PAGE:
“Globalisation, the digital age and cognitive computing are reshaping and redefining the skills needed to succeed.”
Testing plays a key role in identifying gaps in knowledge and answering questions such as: has someone attained a level of achievement expected to consider them ‘qualified’ at a skill or specialism? Does an individual have the competencies needed to practice a particular profession? Are we hiring the right person for the job? “Imagine what would happen if traditional, well-known, and accepted notions about testing were challenged.” That was the aim of this year’s E-ATP conference (Europe-ATP (E-ATP) is the Regional Division of the Association of Test Publishers (ATP)), at which we were gold sponsors. This is what we took from the sessions:
Machine learning and artificial intelligence
Public interest in building complex algorithms that automatically “learn” and improve from the own operations, or experience (rather than explicit programming) has been growing across all industries, and the assessment world is no different. There’s so much more data than ever before, and utilising this data to aide in online invigilation and marking is becoming an area of keen interest, especially in ways to free us from mundane and repetitive tasks.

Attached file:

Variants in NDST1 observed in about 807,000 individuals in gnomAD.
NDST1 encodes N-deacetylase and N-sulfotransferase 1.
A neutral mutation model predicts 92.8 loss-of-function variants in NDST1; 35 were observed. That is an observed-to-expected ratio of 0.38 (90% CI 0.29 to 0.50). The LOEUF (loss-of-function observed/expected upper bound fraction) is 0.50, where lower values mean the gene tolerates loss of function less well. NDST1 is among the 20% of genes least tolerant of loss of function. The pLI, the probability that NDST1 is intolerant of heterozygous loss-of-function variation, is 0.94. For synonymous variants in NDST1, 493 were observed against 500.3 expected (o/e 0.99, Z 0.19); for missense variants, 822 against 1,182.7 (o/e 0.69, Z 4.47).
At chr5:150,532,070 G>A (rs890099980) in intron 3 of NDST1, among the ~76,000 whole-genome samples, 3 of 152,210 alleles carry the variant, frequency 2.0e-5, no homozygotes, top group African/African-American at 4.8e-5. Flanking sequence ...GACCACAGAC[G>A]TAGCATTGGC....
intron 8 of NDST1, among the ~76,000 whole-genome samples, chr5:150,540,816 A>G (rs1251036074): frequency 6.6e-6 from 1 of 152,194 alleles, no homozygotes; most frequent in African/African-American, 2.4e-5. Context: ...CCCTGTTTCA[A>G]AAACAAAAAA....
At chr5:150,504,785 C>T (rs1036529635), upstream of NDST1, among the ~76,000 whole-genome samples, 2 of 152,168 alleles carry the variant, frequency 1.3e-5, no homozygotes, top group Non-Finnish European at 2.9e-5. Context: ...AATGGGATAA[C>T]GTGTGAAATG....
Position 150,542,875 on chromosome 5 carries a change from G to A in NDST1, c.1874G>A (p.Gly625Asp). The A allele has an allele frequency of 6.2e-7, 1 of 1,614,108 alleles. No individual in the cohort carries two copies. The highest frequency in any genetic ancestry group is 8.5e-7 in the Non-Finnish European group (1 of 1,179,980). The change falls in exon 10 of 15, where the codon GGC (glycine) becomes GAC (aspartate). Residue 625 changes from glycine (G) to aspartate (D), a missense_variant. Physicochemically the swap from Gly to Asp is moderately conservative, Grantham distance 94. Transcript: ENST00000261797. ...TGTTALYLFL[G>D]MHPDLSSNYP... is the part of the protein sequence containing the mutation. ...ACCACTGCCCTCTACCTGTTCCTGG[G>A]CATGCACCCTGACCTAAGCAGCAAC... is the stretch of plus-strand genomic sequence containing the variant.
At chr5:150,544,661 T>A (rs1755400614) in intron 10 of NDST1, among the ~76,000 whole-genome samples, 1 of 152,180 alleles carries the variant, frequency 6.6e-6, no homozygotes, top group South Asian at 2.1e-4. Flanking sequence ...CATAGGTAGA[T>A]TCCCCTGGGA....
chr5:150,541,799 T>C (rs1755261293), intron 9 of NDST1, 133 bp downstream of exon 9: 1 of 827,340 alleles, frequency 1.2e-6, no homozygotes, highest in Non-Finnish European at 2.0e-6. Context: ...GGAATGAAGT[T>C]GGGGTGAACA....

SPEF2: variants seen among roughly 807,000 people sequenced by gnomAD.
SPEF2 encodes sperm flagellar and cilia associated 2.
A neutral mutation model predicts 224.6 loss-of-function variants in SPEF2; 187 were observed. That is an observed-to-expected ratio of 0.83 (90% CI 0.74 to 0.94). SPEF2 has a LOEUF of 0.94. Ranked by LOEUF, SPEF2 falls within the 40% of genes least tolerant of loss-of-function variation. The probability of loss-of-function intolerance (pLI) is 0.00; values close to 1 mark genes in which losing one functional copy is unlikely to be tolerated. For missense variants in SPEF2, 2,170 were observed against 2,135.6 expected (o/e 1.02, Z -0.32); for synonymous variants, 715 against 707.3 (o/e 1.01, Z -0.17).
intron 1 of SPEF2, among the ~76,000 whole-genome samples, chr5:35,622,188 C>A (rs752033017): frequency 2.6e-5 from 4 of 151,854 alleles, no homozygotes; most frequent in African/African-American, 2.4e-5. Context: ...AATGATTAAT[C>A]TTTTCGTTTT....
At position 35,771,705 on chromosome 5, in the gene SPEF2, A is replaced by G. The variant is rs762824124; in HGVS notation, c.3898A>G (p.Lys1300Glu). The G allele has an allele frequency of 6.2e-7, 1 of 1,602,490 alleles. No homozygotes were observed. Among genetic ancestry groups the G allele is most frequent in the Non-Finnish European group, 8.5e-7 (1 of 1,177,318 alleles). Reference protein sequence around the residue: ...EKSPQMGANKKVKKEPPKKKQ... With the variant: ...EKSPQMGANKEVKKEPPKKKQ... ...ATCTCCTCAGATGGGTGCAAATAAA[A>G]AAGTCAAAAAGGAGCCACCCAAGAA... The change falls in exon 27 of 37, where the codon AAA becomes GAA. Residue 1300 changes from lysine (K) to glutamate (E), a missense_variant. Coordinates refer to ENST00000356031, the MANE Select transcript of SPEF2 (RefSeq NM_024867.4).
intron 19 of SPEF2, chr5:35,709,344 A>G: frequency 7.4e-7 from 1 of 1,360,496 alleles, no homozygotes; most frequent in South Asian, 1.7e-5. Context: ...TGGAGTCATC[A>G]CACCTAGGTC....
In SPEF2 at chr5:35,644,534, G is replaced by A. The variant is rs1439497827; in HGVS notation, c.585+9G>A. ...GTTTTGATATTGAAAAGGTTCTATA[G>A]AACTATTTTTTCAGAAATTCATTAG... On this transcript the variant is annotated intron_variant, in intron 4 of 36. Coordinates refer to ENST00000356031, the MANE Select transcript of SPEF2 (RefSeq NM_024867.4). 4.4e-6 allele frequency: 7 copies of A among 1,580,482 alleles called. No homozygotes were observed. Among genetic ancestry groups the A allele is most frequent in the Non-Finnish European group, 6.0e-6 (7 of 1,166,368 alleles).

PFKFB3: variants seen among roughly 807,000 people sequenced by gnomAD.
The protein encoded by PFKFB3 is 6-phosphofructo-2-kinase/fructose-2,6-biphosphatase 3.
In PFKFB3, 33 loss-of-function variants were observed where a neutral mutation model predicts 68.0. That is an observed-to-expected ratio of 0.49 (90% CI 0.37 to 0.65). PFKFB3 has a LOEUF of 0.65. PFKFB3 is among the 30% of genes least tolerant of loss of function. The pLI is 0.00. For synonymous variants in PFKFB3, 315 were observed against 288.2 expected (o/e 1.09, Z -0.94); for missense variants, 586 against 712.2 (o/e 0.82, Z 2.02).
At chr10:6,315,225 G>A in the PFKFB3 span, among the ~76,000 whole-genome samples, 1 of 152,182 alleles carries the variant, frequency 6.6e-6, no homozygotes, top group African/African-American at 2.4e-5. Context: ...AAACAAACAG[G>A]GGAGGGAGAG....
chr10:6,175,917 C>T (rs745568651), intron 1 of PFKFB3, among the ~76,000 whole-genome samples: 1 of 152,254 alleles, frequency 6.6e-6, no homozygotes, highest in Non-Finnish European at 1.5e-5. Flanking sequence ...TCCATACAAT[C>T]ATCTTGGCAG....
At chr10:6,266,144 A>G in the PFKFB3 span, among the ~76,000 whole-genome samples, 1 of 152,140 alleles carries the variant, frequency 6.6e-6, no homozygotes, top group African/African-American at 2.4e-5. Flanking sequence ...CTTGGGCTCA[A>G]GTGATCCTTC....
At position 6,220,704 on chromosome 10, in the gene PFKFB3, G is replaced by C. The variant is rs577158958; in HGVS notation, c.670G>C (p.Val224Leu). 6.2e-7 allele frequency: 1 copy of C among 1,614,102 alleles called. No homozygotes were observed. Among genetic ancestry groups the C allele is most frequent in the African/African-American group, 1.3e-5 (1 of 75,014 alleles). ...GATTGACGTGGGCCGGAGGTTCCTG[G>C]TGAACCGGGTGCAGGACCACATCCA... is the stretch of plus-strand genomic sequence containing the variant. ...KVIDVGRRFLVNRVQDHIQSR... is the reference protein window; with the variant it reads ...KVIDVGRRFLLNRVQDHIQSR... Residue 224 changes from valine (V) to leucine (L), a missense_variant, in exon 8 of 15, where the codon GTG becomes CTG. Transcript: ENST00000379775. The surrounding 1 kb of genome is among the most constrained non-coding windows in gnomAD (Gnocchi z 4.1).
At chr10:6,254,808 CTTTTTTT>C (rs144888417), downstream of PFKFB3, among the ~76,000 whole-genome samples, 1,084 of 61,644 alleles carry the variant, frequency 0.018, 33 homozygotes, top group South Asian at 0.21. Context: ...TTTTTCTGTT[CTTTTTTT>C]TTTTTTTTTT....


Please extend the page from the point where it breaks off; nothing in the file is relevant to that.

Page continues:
The key to success, however, is ensuring that a human touch remains at some point during the assessment process to ensure that the integrity and quality does not diminish.
Since the turn of the century, there has been a great interest in harnessing new technologies to evaluate people more accurately and in more subtle ways. One such area of interest from E-ATP was the use of games to assess levels of competency.
Game-based assessments (GBAs) are a new and rapidly growing approach to assessment for talent identification and evaluation. While playing an online, interactive game, thousands of data points are collected that facilitate the measurement of psychological traits beyond the test takers conscious control. Furthermore, the pace and nature of a game make it much harder for a candidate to fake or distort their responses. When games are specifically developed to examine the cognitive markers that make us different from one another, a more objective assessment result can be achieved.
Assessment and the 21st century workforce
The modern workplace is being transformed by the interplay of technology, geo-politics, demography and social-economic forces. Entire industries and sectors are being transformed and while some are in the ascendant, others must adapt quickly to seize new opportunities to accommodate the changing needs of the workforce. Yet despite these environmental changes and a shift in focus towards skills in assessment, labour gaps for skilled workers exist and many organisations are unable to find the talent that they need.
Explore how curricula, assessment and qualifications are being reformed worldwide to help meet the demands of the 21st century workforce, and the role that technology has in aiding this change, in our Skills of the Future Whitepaper.